Machines of the Little People - 1st book of the Keswick series
Ben Harris is a lonely man... It’s been 3 years after Ben’s younger sister, Kate, died of cancer. Her quirky husband, Roger is an unparalleled genius that works for the government and Ben finds himself pulled along despite his fervent objections.
After Kate learns of her impending death she sets up the Gemini Project with Roger’s handler... the project is to find, groom and educate women who look like their dead counter parts to become their replacements so valuable people like Roger can still function and be productive.
Roger tries everything he can think of but can’t save her. So to take her mind off of her illness he invents a Proton Generator. The machine produces a life like image of anything that comes to his mind. What he creates is small, fairy like people in jump suits to assemble a machine that spits out love notes for her entertainment.
The government sees the Proton Generator as the ultimate weapon. After Kate dies Ben finds himself in the middle of a murder and discovers everyone has an agenda... Roger included.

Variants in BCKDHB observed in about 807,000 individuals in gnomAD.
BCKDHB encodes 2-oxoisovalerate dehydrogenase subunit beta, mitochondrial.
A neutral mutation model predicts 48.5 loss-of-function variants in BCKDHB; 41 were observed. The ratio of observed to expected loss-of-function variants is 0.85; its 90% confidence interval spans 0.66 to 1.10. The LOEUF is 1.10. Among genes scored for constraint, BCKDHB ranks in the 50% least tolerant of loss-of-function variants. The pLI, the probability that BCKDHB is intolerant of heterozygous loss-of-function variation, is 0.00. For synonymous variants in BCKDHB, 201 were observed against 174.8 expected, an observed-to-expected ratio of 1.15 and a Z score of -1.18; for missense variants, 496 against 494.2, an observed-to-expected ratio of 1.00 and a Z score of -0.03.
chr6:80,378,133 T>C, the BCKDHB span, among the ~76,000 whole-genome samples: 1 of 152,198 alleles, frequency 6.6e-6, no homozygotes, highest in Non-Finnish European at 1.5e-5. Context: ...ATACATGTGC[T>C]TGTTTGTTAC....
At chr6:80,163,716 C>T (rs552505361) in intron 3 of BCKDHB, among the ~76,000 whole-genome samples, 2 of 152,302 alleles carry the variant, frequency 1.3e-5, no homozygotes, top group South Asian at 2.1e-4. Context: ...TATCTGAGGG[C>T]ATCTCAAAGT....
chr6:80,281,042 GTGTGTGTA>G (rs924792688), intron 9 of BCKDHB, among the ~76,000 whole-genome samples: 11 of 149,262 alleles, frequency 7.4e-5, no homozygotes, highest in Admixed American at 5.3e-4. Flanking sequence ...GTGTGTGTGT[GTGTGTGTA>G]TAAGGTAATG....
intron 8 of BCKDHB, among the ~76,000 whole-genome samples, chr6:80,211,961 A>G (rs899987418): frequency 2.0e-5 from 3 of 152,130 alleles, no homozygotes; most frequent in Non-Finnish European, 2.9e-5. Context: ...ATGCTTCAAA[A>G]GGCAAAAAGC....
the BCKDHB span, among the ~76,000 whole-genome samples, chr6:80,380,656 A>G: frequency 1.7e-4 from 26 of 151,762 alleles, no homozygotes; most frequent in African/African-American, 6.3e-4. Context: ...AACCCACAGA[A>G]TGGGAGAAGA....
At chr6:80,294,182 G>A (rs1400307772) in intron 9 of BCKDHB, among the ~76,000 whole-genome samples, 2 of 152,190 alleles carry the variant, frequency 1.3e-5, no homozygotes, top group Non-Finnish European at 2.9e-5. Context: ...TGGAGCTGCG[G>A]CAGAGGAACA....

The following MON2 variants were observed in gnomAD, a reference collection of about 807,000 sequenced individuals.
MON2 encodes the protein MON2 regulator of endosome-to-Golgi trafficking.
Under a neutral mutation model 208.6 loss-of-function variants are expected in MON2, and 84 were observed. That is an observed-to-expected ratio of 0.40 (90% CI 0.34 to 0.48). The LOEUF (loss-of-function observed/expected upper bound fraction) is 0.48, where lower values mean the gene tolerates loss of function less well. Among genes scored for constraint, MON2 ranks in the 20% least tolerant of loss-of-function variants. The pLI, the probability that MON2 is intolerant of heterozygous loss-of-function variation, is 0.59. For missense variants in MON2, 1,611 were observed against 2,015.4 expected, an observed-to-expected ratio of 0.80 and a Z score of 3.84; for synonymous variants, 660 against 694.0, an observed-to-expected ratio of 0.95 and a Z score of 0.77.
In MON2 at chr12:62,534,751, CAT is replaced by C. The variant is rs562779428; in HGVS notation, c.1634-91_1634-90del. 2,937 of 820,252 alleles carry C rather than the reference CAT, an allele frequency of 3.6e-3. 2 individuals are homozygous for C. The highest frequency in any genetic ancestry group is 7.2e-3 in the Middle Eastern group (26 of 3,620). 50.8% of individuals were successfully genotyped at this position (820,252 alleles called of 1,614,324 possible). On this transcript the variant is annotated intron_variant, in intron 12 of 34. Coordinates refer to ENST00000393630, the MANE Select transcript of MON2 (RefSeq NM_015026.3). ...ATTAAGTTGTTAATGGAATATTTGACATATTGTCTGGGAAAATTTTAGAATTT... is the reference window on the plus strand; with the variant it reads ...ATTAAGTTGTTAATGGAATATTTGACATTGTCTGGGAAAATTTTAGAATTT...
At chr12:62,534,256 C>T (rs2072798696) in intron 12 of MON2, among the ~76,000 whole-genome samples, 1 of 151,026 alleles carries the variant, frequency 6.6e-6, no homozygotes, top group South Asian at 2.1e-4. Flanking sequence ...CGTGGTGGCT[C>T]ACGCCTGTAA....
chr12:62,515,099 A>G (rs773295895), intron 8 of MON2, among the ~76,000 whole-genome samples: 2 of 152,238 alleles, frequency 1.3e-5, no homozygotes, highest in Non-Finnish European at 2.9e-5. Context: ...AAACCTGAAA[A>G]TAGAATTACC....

The room had been ransacked. Scraps of paper littered the floor and desk like confetti, loose wire ripped from their moorings dangled everywhere. Several of the desk drawers hung half in - half out with the remainder scattered about the room. The walls were covered, floor to ceiling in writing.
Handwritten in different color felt pen, the walls were a smear of over lapping math formulas, words, phrases and madness only Roger or a hatter could unravel. My eye followed the dementia to the upper right hand corner of the room. There, almost undetectable, resided a small white object, about the size of a match box, with a blinking red light. Approaching it, I slowly passed a hand in front of it in an effort to see if it were a camera and if it was working. There was no discernable reaction. I ran my hand over the walls as I read the manifesto as best I could. One word was repeated more often than any other.
"Bob," I said, reading it out loud, trying to figure out its meaning. At the sound of the word the blinking light held steady. From somewhere under the structure the regulated rhythm of machinery engaged, filling the house with a low vibration and hum. I tried to figure out what it was, where it was coming from when the front door opened with a tiny squeal followed by whispered voices.